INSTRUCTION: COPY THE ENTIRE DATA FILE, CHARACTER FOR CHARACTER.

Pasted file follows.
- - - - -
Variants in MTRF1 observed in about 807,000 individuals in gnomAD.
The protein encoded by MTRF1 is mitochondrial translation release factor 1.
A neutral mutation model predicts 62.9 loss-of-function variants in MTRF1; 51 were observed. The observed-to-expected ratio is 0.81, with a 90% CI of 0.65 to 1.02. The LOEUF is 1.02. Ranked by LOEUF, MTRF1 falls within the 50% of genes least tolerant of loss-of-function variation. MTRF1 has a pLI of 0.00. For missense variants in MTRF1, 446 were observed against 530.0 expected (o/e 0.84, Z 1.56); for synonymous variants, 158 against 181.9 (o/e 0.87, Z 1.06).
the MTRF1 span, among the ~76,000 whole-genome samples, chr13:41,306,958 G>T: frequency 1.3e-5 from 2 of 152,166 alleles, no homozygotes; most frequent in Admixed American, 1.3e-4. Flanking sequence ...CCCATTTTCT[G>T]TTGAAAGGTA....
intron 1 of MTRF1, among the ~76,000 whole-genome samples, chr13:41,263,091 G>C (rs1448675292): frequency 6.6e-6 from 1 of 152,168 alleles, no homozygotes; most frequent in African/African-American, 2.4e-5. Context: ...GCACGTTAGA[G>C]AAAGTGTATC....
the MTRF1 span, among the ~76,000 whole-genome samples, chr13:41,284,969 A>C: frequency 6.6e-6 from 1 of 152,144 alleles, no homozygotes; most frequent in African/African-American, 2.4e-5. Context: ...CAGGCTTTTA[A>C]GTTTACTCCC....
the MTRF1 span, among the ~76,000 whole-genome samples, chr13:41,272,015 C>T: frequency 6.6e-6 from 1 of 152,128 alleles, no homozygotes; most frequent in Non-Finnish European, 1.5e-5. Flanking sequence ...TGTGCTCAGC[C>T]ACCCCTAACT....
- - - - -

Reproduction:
Variants in MTRF1 observed in about 807,000 individuals in gnomAD.
The protein encoded by MTRF1 is mitochondrial translation release factor 1.
A neutral mutation model predicts 62.9 loss-of-function variants in MTRF1; 51 were observed. The observed-to-expected ratio is 0.81, with a 90% CI of 0.65 to 1.02. The LOEUF is 1.02. Ranked by LOEUF, MTRF1 falls within the 50% of genes least tolerant of loss-of-function variation. MTRF1 has a pLI of 0.00. For missense variants in MTRF1, 446 were observed against 530.0 expected (o/e 0.84, Z 1.56); for synonymous variants, 158 against 181.9 (o/e 0.87, Z 1.06).
the MTRF1 span, among the ~76,000 whole-genome samples, chr13:41,306,958 G>T: frequency 1.3e-5 from 2 of 152,166 alleles, no homozygotes; most frequent in Admixed American, 1.3e-4. Flanking sequence ...CCCATTTTCT[G>T]TTGAAAGGTA....
intron 1 of MTRF1, among the ~76,000 whole-genome samples, chr13:41,263,091 G>C (rs1448675292): frequency 6.6e-6 from 1 of 152,168 alleles, no homozygotes; most frequent in African/African-American, 2.4e-5. Context: ...GCACGTTAGA[G>C]AAAGTGTATC....
the MTRF1 span, among the ~76,000 whole-genome samples, chr13:41,284,969 A>C: frequency 6.6e-6 from 1 of 152,144 alleles, no homozygotes; most frequent in African/African-American, 2.4e-5. Context: ...CAGGCTTTTA[A>C]GTTTACTCCC....
the MTRF1 span, among the ~76,000 whole-genome samples, chr13:41,272,015 C>T: frequency 6.6e-6 from 1 of 152,128 alleles, no homozygotes; most frequent in Non-Finnish European, 1.5e-5. Flanking sequence ...TGTGCTCAGC[C>T]ACCCCTAACT....